What's your background?

I studied Art & Design with an emphasis in Graphic Design at Cal Poly San Luis Obispo. I learned everything I know on the job at my startup and then at Google. Cal Poly gave me a good background in visual design and problem solving. Maleesa's background is in architecture, so she is very good at thinking through challenging design problems with many angles. She also learned to program and did that for an agency for a year. After that she worked at at startup where she literally did every stage of the Lean Startup book, from problem interviewing to building the app. Our background together makes two super teachers and mentors. 

What software do I need to know? 

We use Google Docs to communicate, so you need to know that. However, I've had a student who had never used Google Docs like we had and she picked it up after the first session. We only use Google Docs until the Prototyping stage. That's when we try different software like Sketch and Keynote. In the course you will learn the basics of Sketch and Keynote, so you don't need to prepare before hand. Some students are eager to dive into new software and love it, so if you want you can start learning and practicing in Sketch right away. 

What technical skills do I need to know?

None. Product Design doesn't require any programming or coding.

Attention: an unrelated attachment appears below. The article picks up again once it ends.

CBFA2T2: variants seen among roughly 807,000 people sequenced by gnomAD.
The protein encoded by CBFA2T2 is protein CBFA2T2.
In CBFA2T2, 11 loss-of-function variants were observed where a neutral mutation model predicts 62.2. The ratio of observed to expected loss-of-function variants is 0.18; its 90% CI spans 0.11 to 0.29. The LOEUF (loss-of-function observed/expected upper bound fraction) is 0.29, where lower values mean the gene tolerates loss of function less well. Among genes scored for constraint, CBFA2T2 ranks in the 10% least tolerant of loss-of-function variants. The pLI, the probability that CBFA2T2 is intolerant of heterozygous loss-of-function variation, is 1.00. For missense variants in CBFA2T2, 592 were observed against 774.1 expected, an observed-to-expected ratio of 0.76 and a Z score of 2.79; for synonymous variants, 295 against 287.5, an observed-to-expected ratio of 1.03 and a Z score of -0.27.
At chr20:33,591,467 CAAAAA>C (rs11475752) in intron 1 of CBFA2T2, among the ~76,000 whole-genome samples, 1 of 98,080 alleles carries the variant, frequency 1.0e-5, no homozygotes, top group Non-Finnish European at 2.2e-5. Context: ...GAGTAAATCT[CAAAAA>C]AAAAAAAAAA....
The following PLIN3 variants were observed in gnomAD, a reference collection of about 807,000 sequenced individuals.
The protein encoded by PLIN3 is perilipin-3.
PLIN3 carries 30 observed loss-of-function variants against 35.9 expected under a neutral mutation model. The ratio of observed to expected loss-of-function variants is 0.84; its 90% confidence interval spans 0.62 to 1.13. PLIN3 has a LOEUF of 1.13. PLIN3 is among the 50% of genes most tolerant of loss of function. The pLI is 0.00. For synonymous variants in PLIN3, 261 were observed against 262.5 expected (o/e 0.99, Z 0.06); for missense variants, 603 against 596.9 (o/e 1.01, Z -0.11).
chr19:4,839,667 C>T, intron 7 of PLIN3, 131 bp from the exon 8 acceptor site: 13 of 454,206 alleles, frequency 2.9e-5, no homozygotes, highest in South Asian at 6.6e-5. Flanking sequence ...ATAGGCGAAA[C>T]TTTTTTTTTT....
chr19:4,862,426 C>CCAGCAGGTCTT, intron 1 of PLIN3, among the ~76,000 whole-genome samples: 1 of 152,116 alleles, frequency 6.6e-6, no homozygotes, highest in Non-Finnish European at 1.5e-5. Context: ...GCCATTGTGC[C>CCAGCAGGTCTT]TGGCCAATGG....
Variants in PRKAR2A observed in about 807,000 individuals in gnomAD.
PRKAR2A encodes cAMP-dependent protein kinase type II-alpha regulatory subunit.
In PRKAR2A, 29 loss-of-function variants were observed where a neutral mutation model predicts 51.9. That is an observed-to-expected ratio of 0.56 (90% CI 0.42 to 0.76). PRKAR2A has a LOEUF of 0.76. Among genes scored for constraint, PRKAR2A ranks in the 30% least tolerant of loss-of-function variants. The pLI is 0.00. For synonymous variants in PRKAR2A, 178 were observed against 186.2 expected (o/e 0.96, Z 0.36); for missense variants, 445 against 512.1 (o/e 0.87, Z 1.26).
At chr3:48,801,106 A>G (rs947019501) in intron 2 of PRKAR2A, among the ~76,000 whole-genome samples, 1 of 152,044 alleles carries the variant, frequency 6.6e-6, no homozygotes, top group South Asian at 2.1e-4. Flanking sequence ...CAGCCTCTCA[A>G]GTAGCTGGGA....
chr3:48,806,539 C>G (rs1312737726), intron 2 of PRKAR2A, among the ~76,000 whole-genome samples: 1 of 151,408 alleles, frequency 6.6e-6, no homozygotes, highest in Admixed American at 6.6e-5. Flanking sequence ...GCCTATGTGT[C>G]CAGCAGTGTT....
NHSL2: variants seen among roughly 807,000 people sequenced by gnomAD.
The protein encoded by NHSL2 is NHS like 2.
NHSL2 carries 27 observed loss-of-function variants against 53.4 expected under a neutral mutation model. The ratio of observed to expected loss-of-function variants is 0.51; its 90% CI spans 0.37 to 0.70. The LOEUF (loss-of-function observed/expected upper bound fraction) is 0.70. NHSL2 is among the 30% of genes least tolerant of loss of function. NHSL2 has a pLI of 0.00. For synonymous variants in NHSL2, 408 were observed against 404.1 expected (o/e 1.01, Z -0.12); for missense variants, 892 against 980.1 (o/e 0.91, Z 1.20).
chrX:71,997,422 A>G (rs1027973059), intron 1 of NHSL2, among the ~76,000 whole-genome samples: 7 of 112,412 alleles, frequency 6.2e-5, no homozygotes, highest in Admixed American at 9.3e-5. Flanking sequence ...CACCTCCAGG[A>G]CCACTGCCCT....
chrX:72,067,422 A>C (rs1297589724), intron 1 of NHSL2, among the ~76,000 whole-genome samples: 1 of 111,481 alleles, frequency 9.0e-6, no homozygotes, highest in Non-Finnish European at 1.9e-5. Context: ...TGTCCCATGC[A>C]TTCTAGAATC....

Will companies look down on me for not having credentials?

No, the won't. Thankfully there are no credentials and you can get jobs based on merit, not pedigree.  Product Design, UX and UI don't have credentials. There are only a few accredited programs (Carnegie Mellon is the best) and they are very expensive and take years to complete. Companies know that. They want to hire immediately, so they are looking for people with the grit to learn on their own. The way to show companies you know what you're doing is to build a killer portfolio. Even if you have a degree that's all they care about. 

How many projects does a portfolio need to have? What type of projects?

A good portfolio has three to five strong projects and should reflect the type of work and job you are applying for. If you're applying for a job where you need to design mobile apps, it should have mobile apps. If you're applying for a company that primarily has a website, you should have websites. 

How many students are in one cohort?

Each cohort is different. I try to balance them with the right backgrounds, diversity and size. What I guarantee is that you get personal attention and feedback. 

After the six weeks what do you recommend students to continue practicing? 

We talk about that in the course, but I recommend building a solid portfolio of 3 - 5 pieces that reflects the type of job you want to get. You can continue to get feedback from other course participants, and do free work for companies that you admire and people you want to work for.  

How many hours of work a week is this?

  • This course was designed to be totally do-able with a full-time job. Many of my students work on their homework at work, and choose a project in collaboration with their boss. Also, it's only about 4 - 8 hours of work per week, depending on the design stage we're in.

  • What kind of feedback and support do I get?

    • Im available for unlimited email support and feedback 24/7 and respond as fast as I can. You can also ask classmates for help and feedback in our private Facebook group.

    • What are the prerequisites?

    • There are no prerequisites. Classes are a mix of people. Some have years of design experience and some are doing design for the first time. The curriculum is great for both , and gives you everything you need. If you want to get ahead and learn some software before class starts, I send out a list for you early birds.